Stanbic to double up support to agribusinesses

BY: Graphic Business
Investment into the agric sector is needed to turn around its dwindling fortunes

Stanbic Bank Ghana has pledged to scale up its support for the agricultural sector in 2016. Over the years, the contribution of the sector to Ghana’s Gross Domestic product (GDP) has been dwindling. It fell from 31.9 per cent in 2010 to about 19 per cent in 2015.

The bank intends to support the sector by focusing on financing agribusiness, not just primary production but all touch points along selected value chains. As a major contributor to the development of the agricultural sector in recent times, Stanbic has been financing needs and opportunities tied in with the policy and priority interventions of government for the accelerated and sustainable growth of the industry.

On the occasion of the Farmers’ Day celebration week, Mr Alhassan Andani, Chief Executive of Stanbic Bank, said the bank would prioritise secondary value chain financing to help make cash-flow-based financing a dominant element in the bank’s support for the sector.


Mr Andani added that for Ghana to get back to full economic recovery, there is the need to invest more in the agricultural sector, which is the backbone of the country’s economy.

The bank is already collaborating with other key operators in the sector to improve conditions. “We forge stronger collaboration with stakeholders in the agricultural sector and development partners and agencies such as Export Trade, Agricultlural and Industrial Development Fund (EDAIF) to secure cheaper sourcing of financing for our agripreneurs,” Andani said.

Stanbic has led the way with key projects that are reshaping the agricultural landscape in Ghana.

The bank financed Ghana’s first plant for the processing of cassava into ethanol and carbon dioxide in the Volta Region. It is valued at US$4.5 million.

A GB£3.2 million funding to the horticultural processing and export segment is also noteworthy. Equally significant is the GH¢5 million support for the soya bean value chain including soy purchases; oil milling and poultry feed production and distribution.

“We are also supporting downstream operators in the drive to generate feed material for the breweries using local raw materials like cassava, sorghum and maize, for beer,” Mr Andani said.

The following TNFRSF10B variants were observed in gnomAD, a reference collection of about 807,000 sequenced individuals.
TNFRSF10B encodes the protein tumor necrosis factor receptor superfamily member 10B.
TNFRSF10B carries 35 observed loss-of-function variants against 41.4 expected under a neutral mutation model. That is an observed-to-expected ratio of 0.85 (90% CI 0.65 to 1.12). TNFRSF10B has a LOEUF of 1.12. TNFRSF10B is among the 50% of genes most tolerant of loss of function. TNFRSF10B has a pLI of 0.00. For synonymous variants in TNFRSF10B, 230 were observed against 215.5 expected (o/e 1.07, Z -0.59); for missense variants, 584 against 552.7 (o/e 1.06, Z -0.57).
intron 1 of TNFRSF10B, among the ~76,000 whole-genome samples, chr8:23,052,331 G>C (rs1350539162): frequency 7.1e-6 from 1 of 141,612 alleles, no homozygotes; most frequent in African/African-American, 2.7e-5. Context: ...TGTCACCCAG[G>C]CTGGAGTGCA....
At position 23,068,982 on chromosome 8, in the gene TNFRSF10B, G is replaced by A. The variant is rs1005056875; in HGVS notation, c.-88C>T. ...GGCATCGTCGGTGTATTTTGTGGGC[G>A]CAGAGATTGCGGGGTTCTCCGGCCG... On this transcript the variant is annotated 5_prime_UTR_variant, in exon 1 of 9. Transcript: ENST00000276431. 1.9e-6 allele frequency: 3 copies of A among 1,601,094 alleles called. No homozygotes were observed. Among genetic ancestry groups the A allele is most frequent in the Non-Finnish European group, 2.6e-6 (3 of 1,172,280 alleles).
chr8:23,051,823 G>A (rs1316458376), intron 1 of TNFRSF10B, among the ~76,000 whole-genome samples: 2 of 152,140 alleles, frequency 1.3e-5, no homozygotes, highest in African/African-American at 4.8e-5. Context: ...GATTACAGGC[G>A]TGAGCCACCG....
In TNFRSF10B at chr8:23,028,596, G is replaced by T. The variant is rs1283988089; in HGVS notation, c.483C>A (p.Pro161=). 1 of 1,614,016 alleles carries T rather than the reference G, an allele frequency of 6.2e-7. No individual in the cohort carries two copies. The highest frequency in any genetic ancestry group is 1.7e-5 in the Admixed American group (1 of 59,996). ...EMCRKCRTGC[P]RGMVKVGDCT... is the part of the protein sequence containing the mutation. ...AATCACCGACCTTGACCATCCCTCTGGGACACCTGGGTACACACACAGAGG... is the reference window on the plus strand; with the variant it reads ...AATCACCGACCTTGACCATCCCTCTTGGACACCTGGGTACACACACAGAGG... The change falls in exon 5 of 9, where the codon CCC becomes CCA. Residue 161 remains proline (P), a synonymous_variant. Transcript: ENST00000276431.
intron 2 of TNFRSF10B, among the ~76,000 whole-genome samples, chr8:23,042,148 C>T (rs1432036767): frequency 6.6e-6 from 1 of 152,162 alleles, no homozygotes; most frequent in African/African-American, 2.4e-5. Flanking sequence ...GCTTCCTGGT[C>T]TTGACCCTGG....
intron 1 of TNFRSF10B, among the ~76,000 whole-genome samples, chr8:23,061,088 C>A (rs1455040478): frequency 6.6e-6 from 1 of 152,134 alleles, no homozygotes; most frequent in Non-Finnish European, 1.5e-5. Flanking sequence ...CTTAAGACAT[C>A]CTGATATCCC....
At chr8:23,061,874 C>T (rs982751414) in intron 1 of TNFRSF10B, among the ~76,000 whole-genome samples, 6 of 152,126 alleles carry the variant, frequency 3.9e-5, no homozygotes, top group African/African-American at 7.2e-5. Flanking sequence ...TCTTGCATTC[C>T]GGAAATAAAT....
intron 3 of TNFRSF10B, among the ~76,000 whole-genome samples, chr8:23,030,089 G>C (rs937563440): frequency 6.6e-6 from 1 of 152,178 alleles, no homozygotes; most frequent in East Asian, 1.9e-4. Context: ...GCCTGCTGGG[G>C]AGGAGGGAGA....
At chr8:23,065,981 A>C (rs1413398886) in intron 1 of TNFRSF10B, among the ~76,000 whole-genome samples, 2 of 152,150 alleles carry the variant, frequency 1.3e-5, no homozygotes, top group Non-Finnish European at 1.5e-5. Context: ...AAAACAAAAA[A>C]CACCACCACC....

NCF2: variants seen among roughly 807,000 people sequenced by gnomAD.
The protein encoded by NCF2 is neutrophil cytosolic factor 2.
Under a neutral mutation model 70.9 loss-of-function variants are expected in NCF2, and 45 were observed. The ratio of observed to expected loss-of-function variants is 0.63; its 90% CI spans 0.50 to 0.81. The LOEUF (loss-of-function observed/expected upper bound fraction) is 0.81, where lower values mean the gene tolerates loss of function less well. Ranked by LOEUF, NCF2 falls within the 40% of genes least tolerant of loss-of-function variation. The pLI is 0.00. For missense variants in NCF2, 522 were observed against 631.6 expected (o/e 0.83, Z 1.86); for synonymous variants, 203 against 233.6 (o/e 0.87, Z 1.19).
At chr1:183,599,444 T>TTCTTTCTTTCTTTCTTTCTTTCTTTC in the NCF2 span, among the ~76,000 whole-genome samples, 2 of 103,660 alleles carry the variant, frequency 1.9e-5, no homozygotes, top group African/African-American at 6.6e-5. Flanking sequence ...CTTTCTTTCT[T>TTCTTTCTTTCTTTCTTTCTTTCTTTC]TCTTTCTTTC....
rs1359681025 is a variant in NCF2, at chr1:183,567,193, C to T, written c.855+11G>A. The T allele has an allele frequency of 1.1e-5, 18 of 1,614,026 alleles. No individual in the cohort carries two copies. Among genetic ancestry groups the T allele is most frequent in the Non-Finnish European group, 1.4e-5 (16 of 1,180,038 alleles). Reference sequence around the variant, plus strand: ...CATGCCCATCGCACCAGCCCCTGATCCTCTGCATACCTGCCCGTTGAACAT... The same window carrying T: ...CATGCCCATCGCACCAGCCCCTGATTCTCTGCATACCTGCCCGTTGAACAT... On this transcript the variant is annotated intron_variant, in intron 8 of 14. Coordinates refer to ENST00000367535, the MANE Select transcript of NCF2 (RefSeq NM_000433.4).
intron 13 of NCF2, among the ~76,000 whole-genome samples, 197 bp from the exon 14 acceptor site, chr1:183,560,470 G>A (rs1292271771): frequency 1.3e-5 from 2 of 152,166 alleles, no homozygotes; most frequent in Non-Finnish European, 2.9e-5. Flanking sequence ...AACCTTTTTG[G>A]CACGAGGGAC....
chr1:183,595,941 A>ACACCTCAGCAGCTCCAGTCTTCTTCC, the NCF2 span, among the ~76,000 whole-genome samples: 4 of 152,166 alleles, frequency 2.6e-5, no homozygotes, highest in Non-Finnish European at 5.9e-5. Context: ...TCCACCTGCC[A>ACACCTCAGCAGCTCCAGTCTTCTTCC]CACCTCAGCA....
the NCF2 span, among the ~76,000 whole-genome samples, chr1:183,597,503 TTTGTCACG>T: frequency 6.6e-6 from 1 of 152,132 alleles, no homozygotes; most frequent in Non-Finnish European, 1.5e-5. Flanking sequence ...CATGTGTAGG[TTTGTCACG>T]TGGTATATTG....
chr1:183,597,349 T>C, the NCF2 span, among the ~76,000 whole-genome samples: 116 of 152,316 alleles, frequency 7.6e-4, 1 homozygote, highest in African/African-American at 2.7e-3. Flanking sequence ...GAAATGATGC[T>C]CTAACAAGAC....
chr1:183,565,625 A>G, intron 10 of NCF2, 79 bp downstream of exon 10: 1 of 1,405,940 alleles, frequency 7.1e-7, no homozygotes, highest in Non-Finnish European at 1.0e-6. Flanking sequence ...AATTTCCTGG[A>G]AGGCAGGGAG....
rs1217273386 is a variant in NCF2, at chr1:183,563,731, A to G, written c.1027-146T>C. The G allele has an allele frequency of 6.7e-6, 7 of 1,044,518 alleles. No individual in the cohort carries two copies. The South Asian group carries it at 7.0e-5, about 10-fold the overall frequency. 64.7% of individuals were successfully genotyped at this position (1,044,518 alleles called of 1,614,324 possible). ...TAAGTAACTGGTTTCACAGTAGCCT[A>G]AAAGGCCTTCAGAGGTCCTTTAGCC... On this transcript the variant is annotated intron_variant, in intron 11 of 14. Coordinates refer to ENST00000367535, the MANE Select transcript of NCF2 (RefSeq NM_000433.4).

Hard work merits rewards and the bank has been at the core of the annual drive to reward farmers and fishermen.

This year, just as in the last eight years, Stanbic donated a Nissan Pickup Double Cabin Truck valued at GH¢90,000 to the Ministry of Food and Agriculture for the National Farmers’ Day celebrations held at Bolgatanga in the Upper East Region.

Come 2016, the bank intends to invest more in areas such as aggregation and commodity trade, agro processing of grains, nuts, horticultural products and animal feed; integrated poultry and livestock production and processing.

Also to receive some support will be commercial crop farming, the agro input supply chain and cassava end to end value chain financing.

The bank’s contribution to primary production will hinge on the availability of requisite infrastructure and other concrete risk mitigation measures such as irrigation, insurance cover and guarantee schemes from partner agencies.

These factors, he projected, will create enormous opportunities for investment in production of feed materials, expansion of warehousing capacity, processing factories and equipment for abattoirs and hatcheries.

“Government’s 40 per cent local purchase quota for imported poultry products and the drive for accelerated import substitution in rice and sugar will influence our operations,” he added.